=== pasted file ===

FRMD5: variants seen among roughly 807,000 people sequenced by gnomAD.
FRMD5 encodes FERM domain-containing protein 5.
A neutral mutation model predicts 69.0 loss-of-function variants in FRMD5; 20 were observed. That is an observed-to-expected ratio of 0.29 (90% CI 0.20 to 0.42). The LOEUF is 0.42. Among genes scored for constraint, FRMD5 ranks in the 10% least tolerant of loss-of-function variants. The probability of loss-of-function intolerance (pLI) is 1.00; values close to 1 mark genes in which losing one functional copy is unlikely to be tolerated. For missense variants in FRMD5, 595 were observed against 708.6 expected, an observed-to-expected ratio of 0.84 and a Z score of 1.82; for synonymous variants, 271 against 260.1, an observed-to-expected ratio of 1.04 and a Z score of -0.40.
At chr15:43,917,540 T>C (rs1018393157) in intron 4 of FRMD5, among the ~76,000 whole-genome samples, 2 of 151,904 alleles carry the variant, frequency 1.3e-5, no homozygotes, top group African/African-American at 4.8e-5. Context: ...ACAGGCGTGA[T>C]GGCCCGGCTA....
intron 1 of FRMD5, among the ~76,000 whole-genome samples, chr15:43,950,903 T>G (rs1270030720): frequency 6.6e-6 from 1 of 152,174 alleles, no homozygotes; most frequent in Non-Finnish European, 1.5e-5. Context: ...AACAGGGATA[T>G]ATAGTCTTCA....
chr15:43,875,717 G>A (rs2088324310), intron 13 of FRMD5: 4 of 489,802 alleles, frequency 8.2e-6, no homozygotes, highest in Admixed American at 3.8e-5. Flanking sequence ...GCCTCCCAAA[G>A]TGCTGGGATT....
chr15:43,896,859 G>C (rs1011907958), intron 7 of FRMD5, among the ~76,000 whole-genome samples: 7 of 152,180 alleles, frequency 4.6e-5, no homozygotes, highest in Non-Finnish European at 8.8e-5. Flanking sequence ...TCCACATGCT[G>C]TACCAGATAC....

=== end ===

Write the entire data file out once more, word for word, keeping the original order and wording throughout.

FRMD5: variants seen among roughly 807,000 people sequenced by gnomAD.
FRMD5 encodes FERM domain-containing protein 5.
A neutral mutation model predicts 69.0 loss-of-function variants in FRMD5; 20 were observed. That is an observed-to-expected ratio of 0.29 (90% CI 0.20 to 0.42). The LOEUF is 0.42. Among genes scored for constraint, FRMD5 ranks in the 10% least tolerant of loss-of-function variants. The probability of loss-of-function intolerance (pLI) is 1.00; values close to 1 mark genes in which losing one functional copy is unlikely to be tolerated. For missense variants in FRMD5, 595 were observed against 708.6 expected, an observed-to-expected ratio of 0.84 and a Z score of 1.82; for synonymous variants, 271 against 260.1, an observed-to-expected ratio of 1.04 and a Z score of -0.40.
At chr15:43,917,540 T>C (rs1018393157) in intron 4 of FRMD5, among the ~76,000 whole-genome samples, 2 of 151,904 alleles carry the variant, frequency 1.3e-5, no homozygotes, top group African/African-American at 4.8e-5. Context: ...ACAGGCGTGA[T>C]GGCCCGGCTA....
intron 1 of FRMD5, among the ~76,000 whole-genome samples, chr15:43,950,903 T>G (rs1270030720): frequency 6.6e-6 from 1 of 152,174 alleles, no homozygotes; most frequent in Non-Finnish European, 1.5e-5. Context: ...AACAGGGATA[T>G]ATAGTCTTCA....
chr15:43,875,717 G>A (rs2088324310), intron 13 of FRMD5: 4 of 489,802 alleles, frequency 8.2e-6, no homozygotes, highest in Admixed American at 3.8e-5. Flanking sequence ...GCCTCCCAAA[G>A]TGCTGGGATT....
chr15:43,896,859 G>C (rs1011907958), intron 7 of FRMD5, among the ~76,000 whole-genome samples: 7 of 152,180 alleles, frequency 4.6e-5, no homozygotes, highest in Non-Finnish European at 8.8e-5. Flanking sequence ...TCCACATGCT[G>C]TACCAGATAC....